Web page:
The research was aimed at determining whether Grade Nine teachers benefited from the training in Curriculum 2005 assessment techniques that was organised by the Department of Education and whether the training contributed to meeting the intellectual and professional challenges facing South Africans in the 21st century. For this purpose a predominantly rural midlands district of the Pietermaritzburg region of the KwaZulu-Natal Department of Education was selected. The study followed a qualitative approach. Data was collected from three Grade Nine teachers from three rural schools who were responsible for teaching the following: languages, social sciences and mathematics. The study found that the teachers felt that they had not been trained adequately in the above learning areas, and therefore did not understand the new procedures. The procedures could also not be implemented within the teaching time allocated to the respective learning areas. In addition, the teachers felt that the paper work involved in the implementation of the new procedures had increased their workload unnecessarily. The training failed to prepare them for Curriculum 2005 and the assessment guidelines provided by the Department. The cascading of information resulted in the misinterpretation of important information. Furthermore, trainers lacked confidence, knowledge and understanding of the management of the training process. District officials who conducted training did not understand the terminology and used teaching methods that were non-consistent with outcomes-based education (OBE) and Curriculum 2005. At the school level, there was considerable overlap in planning and no clear solutions to this problem. Finally, the teachers regarded one week as inadequate for training and the training materials as insufficient for the teacher learning. The study concludes with recommendations for the successful implementation of Curriculum 2005 and for further research.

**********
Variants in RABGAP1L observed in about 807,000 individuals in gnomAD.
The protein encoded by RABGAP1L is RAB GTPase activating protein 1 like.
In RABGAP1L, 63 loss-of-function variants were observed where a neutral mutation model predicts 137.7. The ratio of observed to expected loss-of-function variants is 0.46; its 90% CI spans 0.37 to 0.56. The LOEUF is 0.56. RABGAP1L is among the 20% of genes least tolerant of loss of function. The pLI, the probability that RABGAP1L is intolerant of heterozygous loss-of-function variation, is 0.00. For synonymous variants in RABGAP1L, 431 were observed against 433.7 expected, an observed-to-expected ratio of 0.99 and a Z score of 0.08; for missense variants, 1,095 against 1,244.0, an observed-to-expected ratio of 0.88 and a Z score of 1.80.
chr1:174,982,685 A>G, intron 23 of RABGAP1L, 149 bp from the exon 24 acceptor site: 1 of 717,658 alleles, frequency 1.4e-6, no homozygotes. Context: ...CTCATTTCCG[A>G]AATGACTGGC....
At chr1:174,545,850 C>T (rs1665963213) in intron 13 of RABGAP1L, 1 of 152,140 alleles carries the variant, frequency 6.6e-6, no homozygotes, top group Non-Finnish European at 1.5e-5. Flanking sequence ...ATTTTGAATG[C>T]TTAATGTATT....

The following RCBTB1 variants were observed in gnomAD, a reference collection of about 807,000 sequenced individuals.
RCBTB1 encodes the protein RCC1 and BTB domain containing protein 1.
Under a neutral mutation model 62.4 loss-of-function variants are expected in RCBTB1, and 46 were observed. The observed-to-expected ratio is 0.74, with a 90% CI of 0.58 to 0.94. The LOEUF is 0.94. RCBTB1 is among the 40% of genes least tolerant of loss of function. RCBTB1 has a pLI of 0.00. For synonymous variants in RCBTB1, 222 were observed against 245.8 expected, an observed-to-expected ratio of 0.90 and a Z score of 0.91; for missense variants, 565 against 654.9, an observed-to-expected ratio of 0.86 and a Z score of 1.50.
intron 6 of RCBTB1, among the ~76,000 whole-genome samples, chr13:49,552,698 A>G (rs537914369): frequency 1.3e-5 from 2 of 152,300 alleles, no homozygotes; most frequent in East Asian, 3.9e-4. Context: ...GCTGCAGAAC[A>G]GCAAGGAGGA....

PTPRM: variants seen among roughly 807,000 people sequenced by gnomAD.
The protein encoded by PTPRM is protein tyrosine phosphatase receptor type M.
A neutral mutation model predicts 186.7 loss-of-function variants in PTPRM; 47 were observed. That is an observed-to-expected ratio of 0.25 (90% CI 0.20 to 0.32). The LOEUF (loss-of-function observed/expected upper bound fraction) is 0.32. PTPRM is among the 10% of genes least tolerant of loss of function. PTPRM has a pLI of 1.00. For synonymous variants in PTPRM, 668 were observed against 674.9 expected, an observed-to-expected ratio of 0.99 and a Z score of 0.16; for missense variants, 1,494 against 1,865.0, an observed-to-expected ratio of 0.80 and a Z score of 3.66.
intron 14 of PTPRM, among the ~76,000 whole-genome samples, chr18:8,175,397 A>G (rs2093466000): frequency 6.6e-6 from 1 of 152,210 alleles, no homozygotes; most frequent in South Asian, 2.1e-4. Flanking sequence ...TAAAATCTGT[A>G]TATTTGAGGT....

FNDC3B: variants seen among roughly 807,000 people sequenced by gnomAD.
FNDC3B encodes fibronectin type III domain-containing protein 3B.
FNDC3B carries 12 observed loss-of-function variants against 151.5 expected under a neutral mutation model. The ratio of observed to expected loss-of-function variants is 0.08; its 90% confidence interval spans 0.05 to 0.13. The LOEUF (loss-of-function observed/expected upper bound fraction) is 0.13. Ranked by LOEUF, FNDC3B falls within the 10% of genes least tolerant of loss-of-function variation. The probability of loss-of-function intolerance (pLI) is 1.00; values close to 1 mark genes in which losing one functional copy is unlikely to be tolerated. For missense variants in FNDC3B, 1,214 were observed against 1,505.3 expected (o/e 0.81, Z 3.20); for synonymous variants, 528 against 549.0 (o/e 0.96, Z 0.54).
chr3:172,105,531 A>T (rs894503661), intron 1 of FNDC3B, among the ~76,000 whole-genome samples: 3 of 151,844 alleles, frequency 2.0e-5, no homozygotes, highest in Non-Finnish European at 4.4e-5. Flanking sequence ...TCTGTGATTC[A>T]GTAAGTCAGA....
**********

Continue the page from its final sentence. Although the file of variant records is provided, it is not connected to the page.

Dissertation (MPhil (Community Development))--University of Pretoria, 2006.